The significant sign of the Orthodox-Christian past of Konavle are tombs – stecci, graves from fourteenth-fifteenth century characteristic for Serbian Dinaric area from Lika to Skadarsko lake and Posavina in the north. From the period of Austria-Hungary annexation of Bosnia and Herzegovina in 1878 until nowadays the tombs called stecci are misused in the political sense, trying to take over the lands from the Serbian national corpus. The tombs – stecci are attributed without the good proofs to historically and archeologically "uncatchable" "Bogomils" and were a foundation in creation of so called "Bosnian nation" or "Muslim nation". Such thesis a majority of researchers do not accept, and the whole fairy tale is reduced to a reasonable level and is approaching the truth. Nowadays it could be asserted that tombs – stecci, if taken into consideration the fact that their position is next to the Orthodox-Christian churches (the churches still in use, ruins of the Orthodox-Christian churches and the churches taken over by Roman Catholics later), and that their orientation is east-west with the head of a deceased towards the west, epitaphs and ornaments, and diffusion within the Serbian ethnic space, belong to believers of the eastern Orthodox-Christian church.[12]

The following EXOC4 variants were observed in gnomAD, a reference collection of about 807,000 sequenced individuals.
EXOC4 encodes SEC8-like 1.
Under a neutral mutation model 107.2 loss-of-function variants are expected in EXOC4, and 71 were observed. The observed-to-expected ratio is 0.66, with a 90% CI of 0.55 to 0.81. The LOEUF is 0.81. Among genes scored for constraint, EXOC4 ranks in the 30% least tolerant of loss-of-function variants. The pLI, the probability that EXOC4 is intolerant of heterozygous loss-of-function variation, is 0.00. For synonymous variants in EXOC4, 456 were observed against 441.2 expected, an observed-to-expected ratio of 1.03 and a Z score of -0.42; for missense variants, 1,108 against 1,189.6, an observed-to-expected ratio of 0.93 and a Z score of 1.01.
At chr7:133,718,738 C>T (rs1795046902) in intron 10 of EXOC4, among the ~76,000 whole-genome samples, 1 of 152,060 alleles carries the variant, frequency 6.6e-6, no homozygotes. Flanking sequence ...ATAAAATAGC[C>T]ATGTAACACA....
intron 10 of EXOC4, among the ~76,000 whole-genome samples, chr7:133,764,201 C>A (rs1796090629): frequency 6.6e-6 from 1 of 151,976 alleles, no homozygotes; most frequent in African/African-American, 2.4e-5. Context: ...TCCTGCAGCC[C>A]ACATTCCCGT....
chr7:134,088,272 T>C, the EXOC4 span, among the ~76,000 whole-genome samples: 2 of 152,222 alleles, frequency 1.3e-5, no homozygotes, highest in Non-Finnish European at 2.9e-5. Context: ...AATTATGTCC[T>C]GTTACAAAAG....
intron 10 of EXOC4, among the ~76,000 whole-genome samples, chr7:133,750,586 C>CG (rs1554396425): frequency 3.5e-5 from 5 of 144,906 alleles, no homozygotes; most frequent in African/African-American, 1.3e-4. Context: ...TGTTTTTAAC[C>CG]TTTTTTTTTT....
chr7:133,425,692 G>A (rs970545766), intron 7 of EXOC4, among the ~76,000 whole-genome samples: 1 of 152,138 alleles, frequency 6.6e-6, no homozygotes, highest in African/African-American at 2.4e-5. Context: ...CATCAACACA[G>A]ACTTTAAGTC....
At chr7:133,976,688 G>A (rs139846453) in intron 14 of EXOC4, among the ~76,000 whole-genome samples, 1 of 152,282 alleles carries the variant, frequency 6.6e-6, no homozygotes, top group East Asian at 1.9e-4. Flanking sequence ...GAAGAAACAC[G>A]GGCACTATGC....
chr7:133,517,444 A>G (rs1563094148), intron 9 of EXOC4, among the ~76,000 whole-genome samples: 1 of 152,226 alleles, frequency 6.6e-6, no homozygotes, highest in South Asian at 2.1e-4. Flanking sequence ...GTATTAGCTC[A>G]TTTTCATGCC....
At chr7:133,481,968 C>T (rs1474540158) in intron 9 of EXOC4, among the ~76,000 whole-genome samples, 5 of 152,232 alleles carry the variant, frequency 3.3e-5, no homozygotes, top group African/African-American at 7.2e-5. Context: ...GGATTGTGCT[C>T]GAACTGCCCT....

Stecci in Konavle exist on more than twenty localities and they do not differ from those in another parts of Travunija. Their style is very similar if not the same as in the neighboring regions of today Herzegovina, the area of Herceg Novi and the tribal state of Dubrovnik. From the twenty mentioned localities, twelve are not to be found in professional literature. Tombs – stecci nowadays exist next to the following churches: the church of the Holy John and the Holy Vit in Vodovadja, the the Tiny Lady under Soko, the Holy Sergius and Bakos and the Holy Trinity in Pridvorje, the Holy Barbara in Mrcine, the Holy Rock in Djurinici, the Holy Ascension in Vitaljina, the Holy John in Ljuta, the Holy Elijah in Strujic, the Holy Michael in Mihanici, the Holy Demetrius in Gabrili, the Holy Lucas in Brotince, the Holy George in Cavtat, the Holy Lucas in Komaji, the Holy Ann in Poljice etc. The summary is not complete and by systematic reconnoitering the number of the localities would be much larger. The only epitaph has been found on stecak near Brotnice.[13] The other Cyrillic inscriptions, which are mentioned in literature,[14] are destroyed and do not exist anymore. Only in Brotnice (the upper Konavle, next to the border with nowadays Herzegovina) stecci can be found on their original location and are orientated east-west, on contrary to other locations where are displaced, deliberately broken or even used as the building material. Whereas the dislocation of stecci in nowadays Montenegro and Herzegovina were very sporadic and unintentional in Konavle we can talk about deliberate, systematic changing of their original position. Today in many graveyards there are less tombs-stecci than the number mentioned in professional literature (for example "The Tiny Lady" under Soko or "The Holy Ascension" in Vitaljina). The large number of stecci is secondary used for building of new graves or for the construction of the church enclosure, stairs or entrance etc.